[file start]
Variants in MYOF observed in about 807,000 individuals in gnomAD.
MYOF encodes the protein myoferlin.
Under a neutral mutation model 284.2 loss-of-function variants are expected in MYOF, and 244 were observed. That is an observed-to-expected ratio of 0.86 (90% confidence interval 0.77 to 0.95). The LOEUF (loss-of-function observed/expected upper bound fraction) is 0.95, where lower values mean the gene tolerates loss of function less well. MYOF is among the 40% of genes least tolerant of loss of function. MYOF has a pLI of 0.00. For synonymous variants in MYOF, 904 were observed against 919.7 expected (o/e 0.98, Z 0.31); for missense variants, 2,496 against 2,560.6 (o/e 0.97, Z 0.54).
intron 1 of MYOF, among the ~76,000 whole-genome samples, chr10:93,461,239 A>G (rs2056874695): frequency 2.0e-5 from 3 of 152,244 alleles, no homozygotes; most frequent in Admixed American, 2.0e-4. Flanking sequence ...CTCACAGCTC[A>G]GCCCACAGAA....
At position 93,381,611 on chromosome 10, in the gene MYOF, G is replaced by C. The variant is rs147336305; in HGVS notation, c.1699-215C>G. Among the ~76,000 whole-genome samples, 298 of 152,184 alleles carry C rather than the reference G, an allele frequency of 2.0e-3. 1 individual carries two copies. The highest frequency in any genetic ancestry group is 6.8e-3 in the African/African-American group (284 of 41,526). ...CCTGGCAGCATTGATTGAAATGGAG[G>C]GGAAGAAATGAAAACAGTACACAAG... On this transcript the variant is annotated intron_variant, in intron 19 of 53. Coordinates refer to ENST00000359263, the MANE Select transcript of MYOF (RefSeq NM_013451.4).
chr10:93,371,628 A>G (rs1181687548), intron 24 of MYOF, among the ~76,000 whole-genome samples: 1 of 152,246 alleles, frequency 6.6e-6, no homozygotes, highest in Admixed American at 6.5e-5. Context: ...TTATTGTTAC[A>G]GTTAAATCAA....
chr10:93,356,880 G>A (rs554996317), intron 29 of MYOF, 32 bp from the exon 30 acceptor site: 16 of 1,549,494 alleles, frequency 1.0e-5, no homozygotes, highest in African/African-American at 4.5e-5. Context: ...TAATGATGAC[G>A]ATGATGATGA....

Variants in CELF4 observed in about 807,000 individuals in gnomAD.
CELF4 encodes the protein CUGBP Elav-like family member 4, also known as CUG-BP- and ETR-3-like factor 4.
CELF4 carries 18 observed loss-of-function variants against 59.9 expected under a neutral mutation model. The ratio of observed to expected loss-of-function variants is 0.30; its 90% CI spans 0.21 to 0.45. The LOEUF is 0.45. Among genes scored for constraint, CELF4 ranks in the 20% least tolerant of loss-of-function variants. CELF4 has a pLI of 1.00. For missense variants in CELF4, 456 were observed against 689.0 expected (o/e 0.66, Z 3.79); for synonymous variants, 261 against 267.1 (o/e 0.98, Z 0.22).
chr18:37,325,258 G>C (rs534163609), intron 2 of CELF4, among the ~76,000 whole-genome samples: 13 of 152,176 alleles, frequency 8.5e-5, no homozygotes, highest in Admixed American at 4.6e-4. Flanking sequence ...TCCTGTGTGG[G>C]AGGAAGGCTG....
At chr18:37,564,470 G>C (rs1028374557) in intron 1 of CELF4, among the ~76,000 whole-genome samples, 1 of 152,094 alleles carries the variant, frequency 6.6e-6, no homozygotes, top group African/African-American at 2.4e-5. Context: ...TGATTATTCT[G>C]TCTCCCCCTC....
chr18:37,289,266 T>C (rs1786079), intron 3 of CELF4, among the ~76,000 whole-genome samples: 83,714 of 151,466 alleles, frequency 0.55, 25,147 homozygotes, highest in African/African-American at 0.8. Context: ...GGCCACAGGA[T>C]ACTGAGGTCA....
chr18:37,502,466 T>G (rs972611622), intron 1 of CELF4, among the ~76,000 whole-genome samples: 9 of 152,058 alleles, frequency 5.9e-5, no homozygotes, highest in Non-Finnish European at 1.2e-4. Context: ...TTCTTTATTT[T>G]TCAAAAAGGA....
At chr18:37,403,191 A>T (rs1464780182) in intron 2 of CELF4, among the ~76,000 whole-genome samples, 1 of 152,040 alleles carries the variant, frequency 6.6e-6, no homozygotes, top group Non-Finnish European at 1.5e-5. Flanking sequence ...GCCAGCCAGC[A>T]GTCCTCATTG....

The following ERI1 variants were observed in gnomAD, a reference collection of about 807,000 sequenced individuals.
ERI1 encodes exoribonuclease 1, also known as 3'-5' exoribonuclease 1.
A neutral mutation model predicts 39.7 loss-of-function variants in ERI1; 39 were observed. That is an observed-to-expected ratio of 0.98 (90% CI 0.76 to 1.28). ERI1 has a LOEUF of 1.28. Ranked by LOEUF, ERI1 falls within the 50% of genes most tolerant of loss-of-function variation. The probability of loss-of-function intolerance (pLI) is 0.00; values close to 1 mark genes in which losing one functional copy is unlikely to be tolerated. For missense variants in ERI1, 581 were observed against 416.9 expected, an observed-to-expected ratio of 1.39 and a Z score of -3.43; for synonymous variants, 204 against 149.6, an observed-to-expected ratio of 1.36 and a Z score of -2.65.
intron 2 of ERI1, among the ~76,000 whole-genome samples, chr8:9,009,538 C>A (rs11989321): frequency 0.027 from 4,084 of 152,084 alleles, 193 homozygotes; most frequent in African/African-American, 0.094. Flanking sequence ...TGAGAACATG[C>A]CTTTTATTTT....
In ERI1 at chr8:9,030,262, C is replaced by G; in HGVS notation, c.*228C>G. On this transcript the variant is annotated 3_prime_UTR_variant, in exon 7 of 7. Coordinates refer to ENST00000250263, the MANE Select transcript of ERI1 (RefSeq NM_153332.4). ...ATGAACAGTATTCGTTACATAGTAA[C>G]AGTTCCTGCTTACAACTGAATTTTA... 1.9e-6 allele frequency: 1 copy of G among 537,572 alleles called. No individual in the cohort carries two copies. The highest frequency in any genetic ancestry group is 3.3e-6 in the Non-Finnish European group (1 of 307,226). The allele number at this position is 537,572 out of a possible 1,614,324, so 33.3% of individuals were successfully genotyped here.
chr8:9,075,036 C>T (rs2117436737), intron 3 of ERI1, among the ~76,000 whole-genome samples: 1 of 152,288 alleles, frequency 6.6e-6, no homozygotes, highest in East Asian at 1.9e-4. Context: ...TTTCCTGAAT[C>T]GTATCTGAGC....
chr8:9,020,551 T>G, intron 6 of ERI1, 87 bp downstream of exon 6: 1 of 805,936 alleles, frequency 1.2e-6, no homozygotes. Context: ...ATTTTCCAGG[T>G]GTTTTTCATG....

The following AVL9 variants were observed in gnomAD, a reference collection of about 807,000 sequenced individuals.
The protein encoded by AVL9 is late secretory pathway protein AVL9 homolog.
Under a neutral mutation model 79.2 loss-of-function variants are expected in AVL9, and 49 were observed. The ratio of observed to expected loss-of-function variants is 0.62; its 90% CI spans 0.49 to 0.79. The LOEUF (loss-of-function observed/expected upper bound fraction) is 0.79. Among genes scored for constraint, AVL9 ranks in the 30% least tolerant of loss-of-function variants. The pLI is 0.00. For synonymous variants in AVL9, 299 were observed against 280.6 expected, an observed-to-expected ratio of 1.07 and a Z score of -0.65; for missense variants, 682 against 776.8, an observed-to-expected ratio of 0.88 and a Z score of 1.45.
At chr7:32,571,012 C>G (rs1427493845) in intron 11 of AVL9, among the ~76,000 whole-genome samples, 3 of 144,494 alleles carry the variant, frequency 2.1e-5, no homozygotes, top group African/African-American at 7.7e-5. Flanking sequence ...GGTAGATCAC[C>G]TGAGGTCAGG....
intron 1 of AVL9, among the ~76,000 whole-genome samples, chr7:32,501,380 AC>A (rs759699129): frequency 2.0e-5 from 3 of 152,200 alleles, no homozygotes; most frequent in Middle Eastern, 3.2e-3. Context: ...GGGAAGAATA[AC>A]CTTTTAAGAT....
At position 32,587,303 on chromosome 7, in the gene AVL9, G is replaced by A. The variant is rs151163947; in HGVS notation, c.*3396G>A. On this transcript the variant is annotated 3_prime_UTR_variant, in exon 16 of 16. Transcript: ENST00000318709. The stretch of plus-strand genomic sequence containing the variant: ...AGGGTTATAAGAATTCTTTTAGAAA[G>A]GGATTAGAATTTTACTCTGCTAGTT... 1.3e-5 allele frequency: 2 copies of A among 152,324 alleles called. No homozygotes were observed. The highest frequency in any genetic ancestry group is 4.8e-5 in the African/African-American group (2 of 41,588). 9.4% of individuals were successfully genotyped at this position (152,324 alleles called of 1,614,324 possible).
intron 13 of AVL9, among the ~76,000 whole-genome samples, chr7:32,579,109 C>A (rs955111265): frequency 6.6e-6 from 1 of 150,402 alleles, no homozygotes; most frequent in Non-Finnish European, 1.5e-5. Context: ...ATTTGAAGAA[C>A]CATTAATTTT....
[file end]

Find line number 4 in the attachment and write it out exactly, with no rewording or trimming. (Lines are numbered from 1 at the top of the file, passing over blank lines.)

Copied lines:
intron 1 of MYOF, among the ~76,000 whole-genome samples, chr10:93,461,239 A>G (rs2056874695): frequency 2.0e-5 from 3 of 152,244 alleles, no homozygotes; most frequent in Admixed American, 2.0e-4. Flanking sequence ...CTCACAGCTC[A>G]GCCCACAGAA....